Welcome!




Expand Your Education with These Courses from
Business Creation – Prospecting: Skills for Sales Success: Part Three.
Expand your education through NAR’s REALTOR® University: A Consumer Advocate Approach to Mortgages: Course 2.
The Psychology of Consultative Selling: Skills for Sales Success: Part Four.
Bundle 2: CIPS Elective Courses (US Version).
ACE: Purchase Reverse Mortgage Course.

Associations Can No Longer Ignore FHA Approval

Have a comment on this article? Share on Facebook!

By Christopher L. Gardner, J.D.

RISMEDIA, July 16, 2010—The screaming and cursing you hear in unit 404 isn’t coming from Mr. Armbrister’s television—Armbrister has just learned that another potential sale of his condominium unit fell through due to the buyer’s inability to obtain financing. In this case, the buyer wanted to purchase Armbrister’s condo unit with an FHA loan—Armbrister’s homeowners association, however, had neglected to obtain FHA approval.

FHA loans, which are mortgages insured by the Federal Housing Administration, accounted for a mere 1.7% of new mortgages as recently as 2006. Today, almost half of all new mortgages are FHA—yet there are still many misconceptions associated with their use and their benefits.

Due to the elimination of ‘spot approval’ in February 2010, an entire condominium development must now apply to the Department of Housing and Urban Development (HUD) and be granted FHA approval before someone can purchase or refinance a unit using an FHA loan. Before its elimination, spot approval allowed an FHA buyer or refinancer to conduct a transaction in a specific condominium unit located in an unapproved complex.

Management companies and homeowners associations constantly ask why their condominium developments should seek FHA approval. A recent survey of more than 12,000 home buyers conducted by the Home Buying Institute indicated that the vast majority of respondents (87%) planned to use an FHA loan for their purchase. Given the prevalence of FHA loans in today’s housing market, the simple answer is that unit sellers in an association without FHA approval are severely limiting the pool of potential buyers. Thanks to the law of supply and demand, fewer possible buyers mean units will often sit on the market for longer periods and sell for lower prices. Even non-sellers are affected as lower sales prices for neighboring units often result in lower appraised values for all units.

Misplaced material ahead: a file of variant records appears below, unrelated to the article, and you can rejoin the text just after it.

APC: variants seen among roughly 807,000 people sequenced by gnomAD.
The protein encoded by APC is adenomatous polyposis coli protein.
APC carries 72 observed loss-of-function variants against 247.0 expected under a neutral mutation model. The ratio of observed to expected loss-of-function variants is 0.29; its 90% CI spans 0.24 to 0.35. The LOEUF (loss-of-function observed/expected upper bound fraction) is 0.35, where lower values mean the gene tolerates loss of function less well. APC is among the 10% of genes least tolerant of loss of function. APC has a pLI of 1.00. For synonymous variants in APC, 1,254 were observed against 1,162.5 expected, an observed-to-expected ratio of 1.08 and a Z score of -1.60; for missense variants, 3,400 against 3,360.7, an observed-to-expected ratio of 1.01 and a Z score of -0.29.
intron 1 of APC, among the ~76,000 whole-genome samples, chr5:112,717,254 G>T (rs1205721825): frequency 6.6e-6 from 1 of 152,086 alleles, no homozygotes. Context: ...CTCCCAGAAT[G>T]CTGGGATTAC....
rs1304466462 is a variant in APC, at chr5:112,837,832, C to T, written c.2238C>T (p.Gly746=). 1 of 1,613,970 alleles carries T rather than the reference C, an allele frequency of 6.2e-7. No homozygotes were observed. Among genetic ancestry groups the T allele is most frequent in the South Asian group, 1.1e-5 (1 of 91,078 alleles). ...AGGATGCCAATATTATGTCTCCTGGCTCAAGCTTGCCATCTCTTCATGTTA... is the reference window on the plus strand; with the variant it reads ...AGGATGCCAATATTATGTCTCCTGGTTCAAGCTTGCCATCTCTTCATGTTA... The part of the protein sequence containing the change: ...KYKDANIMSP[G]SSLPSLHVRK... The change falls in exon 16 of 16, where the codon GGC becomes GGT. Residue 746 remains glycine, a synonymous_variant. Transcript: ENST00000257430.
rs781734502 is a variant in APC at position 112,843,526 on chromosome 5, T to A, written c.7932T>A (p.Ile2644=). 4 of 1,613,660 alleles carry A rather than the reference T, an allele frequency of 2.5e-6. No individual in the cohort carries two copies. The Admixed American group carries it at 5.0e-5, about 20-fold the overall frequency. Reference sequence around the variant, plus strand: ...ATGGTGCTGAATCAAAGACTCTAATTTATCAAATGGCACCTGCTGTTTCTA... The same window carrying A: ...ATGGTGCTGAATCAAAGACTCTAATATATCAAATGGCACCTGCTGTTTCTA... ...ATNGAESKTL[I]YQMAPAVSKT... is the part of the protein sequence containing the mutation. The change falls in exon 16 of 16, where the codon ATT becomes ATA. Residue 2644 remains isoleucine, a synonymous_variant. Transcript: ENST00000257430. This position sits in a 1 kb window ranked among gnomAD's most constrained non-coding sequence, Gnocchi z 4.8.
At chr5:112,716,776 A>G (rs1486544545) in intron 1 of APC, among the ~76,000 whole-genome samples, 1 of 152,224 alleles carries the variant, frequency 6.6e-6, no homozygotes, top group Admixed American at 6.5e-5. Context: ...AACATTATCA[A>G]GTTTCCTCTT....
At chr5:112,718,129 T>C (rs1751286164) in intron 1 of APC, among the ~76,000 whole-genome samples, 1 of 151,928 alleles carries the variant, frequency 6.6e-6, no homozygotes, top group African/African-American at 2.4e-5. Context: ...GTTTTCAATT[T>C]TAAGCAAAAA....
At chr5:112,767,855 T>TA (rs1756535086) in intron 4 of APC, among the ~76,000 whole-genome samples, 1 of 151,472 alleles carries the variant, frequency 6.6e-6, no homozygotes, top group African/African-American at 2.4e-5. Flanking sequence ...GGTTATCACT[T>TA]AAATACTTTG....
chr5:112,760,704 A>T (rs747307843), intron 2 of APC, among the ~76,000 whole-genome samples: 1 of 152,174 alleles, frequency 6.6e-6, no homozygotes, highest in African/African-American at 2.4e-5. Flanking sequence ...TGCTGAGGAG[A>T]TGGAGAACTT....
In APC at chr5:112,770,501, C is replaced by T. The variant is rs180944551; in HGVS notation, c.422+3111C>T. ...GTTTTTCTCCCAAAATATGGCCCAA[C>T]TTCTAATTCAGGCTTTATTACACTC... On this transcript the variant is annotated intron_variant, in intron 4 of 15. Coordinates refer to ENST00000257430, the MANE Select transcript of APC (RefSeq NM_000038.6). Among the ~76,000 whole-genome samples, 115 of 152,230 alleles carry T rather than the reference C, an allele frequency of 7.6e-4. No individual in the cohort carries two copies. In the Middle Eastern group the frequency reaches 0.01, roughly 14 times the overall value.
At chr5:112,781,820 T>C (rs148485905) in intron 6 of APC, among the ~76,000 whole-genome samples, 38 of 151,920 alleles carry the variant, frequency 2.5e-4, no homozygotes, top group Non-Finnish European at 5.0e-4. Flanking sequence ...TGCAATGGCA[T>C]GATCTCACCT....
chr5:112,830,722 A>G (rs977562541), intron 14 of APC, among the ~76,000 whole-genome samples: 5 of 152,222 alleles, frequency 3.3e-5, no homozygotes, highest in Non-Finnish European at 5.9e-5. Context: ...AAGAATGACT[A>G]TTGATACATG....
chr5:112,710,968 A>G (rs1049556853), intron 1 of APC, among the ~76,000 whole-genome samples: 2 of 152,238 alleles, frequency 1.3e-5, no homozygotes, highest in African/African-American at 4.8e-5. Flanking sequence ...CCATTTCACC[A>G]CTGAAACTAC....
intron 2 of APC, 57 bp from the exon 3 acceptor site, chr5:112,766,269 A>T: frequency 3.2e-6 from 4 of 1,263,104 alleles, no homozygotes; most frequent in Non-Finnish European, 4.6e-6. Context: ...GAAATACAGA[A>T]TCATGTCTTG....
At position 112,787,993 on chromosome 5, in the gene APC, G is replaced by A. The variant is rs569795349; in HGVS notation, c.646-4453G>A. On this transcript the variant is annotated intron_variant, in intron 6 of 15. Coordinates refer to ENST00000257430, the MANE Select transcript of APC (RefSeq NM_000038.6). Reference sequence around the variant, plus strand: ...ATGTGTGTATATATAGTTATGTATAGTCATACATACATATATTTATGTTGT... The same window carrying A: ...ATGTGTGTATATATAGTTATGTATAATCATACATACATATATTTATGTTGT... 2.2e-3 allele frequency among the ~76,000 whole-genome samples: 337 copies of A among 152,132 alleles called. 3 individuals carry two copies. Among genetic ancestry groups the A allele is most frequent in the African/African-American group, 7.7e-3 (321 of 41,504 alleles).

Why have we seen such a surge in FHA borrowing? First, the general unwillingness of today’s lenders to extend credit and an almost complete withdrawal of private capital from the home mortgage sector forced HUD and FHA to take action. They ultimately crafted policies to increase FHA availability in order to help stabilize the housing market. FHA loans encourage lenders to lend, assuring them that they will be paid back by the federal government in case of default.

Second, as many residential real estate agents know all too well, the sudden and inevitable collapse of the high-risk subprime mortgage industry left a tremendous void in the marketplace for those buyers that did not have the 20% downpayment typically required when obtaining a conventional loan. This void is nicely filled by FHA loans, which require as low as a 3.5% down payment.

Finally, the significant increase in the maximum FHA loan limits from $362,790 to $793,750, means that an FHA loan is now relevant and appropriate for a much greater percentage of home purchases and refinances than ever before.

In addition to the benefits discussed above, there are other features inherent to FHA loans that help explain their newfound popularity. Credit requirements are less stringent than is the case with conventional loans. Also, FHA loans are fully assumable, meaning that a seller with a current FHA loan can offer the financing and terms to a buyer during resale. Assumability will be a great benefit to a future seller when interest rates turn higher.

Despite FHA’s easier down payment and credit qualifying guidelines, associations should not fear that FHA loans are risky and real estate agents should feel comfortable suggesting them as an option to their clients. “Full documentation” requirements ensure borrowers are fully vetted for their ability to afford the property in question. With the required income and asset reporting demanded by FHA, foreclosure rates have been historically lower than for those with any other type of loan—a fact that should give homeowners associations peace of mind.

Associations and management companies should further investigate and consider all of the benefits that FHA loans provide. Real estate agents should be prepared to help their clients navigate the process, as it will only help increase sales in a tricky market.

Christopher Gardner is the Founder and President of FHA Pros, LLC. He may be reached at cgardner@fhaprosllc.com.

For more information, visit www.getfhaapproval.com.

Want instant access to great articles like this for your blog or newsletter? Check out our 30-day FREE trial of REsource Licensed Real Estate Content Solutions. Need easy stay-in-touch e-Marketing solutions too? Try Pop-a-Note for 99 cents!
Join RISMedia on Twitter and Facebook to connect with us and share your thoughts on this and other topics.




Copyright© 2014 RISMedia, The Leader in Real Estate Information Systems and Real Estate News. All Rights Reserved. This material may not be republished without permission from RISMedia.

Content on this website is copyrighted and may not be redistributed without express written permission from RISMedia. Access to RISMedia archives and thousands of articles like this, as well as consumer real estate videos, are available through RISMedia's REsource Licensed Content Solutions. Offering the industry’s most comprehensive and affordable content packages. Click here to learn more! http://resource.rismedia.com